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Cecilia

OMG OMG OMG!!! I got in!!! 18 pics!

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First off, OMG OMG OMG OMG OMG OMG OMG!!! *slaps self*

I was looking inside through the bars, when a lady approached me:

lady: Can I help you with something?

me: Oh, I'm just looking. I'm obsessed with the World's Fairs

lady: (she notices my camera around my neck) Oh. Are you with the other photography student? I'm looking for her, I got permission for her, her mom and grandma to walk in and take some pictures, escorted by me.

me: *looks around* I don't see them, but is it okay if I come too

lady: sure

me: OMG OMG OMG Thank you so much!!

I just wanted to share with you folks! I almost cried too!

I've gotta transfer pictures, edit and upload, but I will post 'em!! Patience friends!

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Did you take a picture of the nice lady, so we all know who to look for?

No, because she was also a b****, and said this was the first time she even walked in.

Though, I did tell the other photographer (who later joined us) about our site. She said she'd love to go on our walks in the park.

Currently resizing images. I took about 50 LOL

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It was so awesome to have a different view!

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Most looks like this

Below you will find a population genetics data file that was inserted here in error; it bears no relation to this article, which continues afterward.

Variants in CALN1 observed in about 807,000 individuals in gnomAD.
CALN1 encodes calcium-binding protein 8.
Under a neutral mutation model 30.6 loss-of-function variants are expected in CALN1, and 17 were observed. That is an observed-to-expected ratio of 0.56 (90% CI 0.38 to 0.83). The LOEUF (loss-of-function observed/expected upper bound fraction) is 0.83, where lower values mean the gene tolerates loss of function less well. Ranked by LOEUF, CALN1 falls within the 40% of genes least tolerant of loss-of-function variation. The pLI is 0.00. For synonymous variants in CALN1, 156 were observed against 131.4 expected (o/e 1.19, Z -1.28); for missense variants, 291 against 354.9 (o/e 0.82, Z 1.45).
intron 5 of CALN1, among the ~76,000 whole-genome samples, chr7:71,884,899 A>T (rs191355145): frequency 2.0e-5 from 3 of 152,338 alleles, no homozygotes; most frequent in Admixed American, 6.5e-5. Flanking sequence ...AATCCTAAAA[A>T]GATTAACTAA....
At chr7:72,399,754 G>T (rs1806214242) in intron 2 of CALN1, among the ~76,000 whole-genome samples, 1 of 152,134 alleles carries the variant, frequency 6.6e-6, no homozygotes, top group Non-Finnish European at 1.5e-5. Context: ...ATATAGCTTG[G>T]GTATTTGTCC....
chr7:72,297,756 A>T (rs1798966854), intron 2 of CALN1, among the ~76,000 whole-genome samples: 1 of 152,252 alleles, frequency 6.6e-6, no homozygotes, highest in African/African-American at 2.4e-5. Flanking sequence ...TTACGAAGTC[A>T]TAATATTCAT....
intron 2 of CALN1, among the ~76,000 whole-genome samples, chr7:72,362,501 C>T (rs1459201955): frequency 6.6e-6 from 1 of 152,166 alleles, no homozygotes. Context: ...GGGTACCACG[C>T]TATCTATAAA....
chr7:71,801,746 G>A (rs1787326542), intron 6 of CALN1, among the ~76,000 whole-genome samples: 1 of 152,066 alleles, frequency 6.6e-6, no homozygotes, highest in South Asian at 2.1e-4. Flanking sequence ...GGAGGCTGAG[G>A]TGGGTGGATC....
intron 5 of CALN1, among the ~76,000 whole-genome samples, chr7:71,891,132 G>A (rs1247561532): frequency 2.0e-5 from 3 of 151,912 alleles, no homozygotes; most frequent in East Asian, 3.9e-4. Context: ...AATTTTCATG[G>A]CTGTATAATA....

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Some are like this. I guess they are saving and restoring? Thoughts please!

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There was a guy playing drums in here. I didn't ask.

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I almost cried at this

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what's this from? Anyone?

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Texaco!

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What's the story with the Jimi Hendrix photo peering out from the open door? Is that a relic from the post fair concert days??

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Some are like this. I guess they are saving and restoring? Thoughts please!

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This is the one that really blows my mind! Those covered slabs are the restored terazzo, done by the University of Pensylvania! you can make out the images underneath the covers, it looks just like brand new slabs as they were being delivered back in 1963 for assembly! Awesome!